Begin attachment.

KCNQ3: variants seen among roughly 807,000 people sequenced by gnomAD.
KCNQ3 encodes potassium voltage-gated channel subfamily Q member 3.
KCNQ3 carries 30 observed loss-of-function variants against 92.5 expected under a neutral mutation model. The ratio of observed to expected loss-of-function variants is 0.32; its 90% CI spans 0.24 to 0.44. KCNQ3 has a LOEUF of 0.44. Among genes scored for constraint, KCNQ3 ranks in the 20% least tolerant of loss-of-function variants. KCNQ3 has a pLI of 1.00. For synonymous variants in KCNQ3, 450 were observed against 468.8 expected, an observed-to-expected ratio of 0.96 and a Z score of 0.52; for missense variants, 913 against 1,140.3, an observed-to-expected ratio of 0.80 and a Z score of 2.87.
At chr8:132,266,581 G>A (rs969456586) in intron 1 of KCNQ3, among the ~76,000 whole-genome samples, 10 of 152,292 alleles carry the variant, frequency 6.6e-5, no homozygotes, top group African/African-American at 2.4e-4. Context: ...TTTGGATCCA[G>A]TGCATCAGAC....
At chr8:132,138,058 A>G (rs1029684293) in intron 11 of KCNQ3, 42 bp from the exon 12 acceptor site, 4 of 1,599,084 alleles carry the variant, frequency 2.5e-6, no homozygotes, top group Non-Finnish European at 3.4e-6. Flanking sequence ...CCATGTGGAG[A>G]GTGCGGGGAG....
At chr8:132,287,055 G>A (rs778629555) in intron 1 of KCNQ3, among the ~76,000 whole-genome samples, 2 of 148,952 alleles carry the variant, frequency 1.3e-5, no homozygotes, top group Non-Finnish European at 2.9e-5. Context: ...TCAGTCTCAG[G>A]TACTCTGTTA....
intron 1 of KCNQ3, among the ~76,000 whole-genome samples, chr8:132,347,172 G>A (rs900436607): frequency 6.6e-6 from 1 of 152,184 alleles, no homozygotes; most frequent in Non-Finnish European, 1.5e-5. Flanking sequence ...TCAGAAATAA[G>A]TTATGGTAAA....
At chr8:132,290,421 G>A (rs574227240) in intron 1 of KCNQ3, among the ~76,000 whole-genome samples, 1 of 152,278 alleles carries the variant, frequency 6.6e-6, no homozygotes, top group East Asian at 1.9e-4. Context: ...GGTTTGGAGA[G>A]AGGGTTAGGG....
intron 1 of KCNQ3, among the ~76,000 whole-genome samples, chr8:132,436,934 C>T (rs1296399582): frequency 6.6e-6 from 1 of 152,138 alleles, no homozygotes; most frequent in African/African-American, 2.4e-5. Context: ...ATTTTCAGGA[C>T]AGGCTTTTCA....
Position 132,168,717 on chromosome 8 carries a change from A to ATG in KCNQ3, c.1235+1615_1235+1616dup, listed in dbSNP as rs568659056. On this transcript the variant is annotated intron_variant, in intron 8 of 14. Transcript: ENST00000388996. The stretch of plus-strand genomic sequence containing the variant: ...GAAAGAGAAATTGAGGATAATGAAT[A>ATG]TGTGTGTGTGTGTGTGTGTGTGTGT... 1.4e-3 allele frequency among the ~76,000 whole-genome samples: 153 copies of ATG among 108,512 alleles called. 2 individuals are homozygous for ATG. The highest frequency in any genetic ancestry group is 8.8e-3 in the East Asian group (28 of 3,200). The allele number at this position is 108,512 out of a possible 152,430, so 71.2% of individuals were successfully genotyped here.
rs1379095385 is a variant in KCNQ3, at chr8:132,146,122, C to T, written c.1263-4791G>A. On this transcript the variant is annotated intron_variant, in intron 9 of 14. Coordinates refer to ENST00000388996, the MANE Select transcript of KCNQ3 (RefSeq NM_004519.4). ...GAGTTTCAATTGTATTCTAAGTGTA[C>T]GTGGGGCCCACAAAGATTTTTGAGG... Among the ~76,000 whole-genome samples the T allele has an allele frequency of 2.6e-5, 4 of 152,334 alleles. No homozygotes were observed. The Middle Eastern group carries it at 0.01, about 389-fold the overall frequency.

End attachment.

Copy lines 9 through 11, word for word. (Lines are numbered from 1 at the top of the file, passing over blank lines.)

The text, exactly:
intron 1 of KCNQ3, among the ~76,000 whole-genome samples, chr8:132,436,934 C>T (rs1296399582): frequency 6.6e-6 from 1 of 152,138 alleles, no homozygotes; most frequent in African/African-American, 2.4e-5. Context: ...ATTTTCAGGA[C>T]AGGCTTTTCA....
Position 132,168,717 on chromosome 8 carries a change from A to ATG in KCNQ3, c.1235+1615_1235+1616dup, listed in dbSNP as rs568659056. On this transcript the variant is annotated intron_variant, in intron 8 of 14. Transcript: ENST00000388996. The stretch of plus-strand genomic sequence containing the variant: ...GAAAGAGAAATTGAGGATAATGAAT[A>ATG]TGTGTGTGTGTGTGTGTGTGTGTGT... 1.4e-3 allele frequency among the ~76,000 whole-genome samples: 153 copies of ATG among 108,512 alleles called. 2 individuals are homozygous for ATG. The highest frequency in any genetic ancestry group is 8.8e-3 in the East Asian group (28 of 3,200). The allele number at this position is 108,512 out of a possible 152,430, so 71.2% of individuals were successfully genotyped here.
rs1379095385 is a variant in KCNQ3, at chr8:132,146,122, C to T, written c.1263-4791G>A. On this transcript the variant is annotated intron_variant, in intron 9 of 14. Coordinates refer to ENST00000388996, the MANE Select transcript of KCNQ3 (RefSeq NM_004519.4). ...GAGTTTCAATTGTATTCTAAGTGTA[C>T]GTGGGGCCCACAAAGATTTTTGAGG... Among the ~76,000 whole-genome samples the T allele has an allele frequency of 2.6e-5, 4 of 152,334 alleles. No homozygotes were observed. The Middle Eastern group carries it at 0.01, about 389-fold the overall frequency.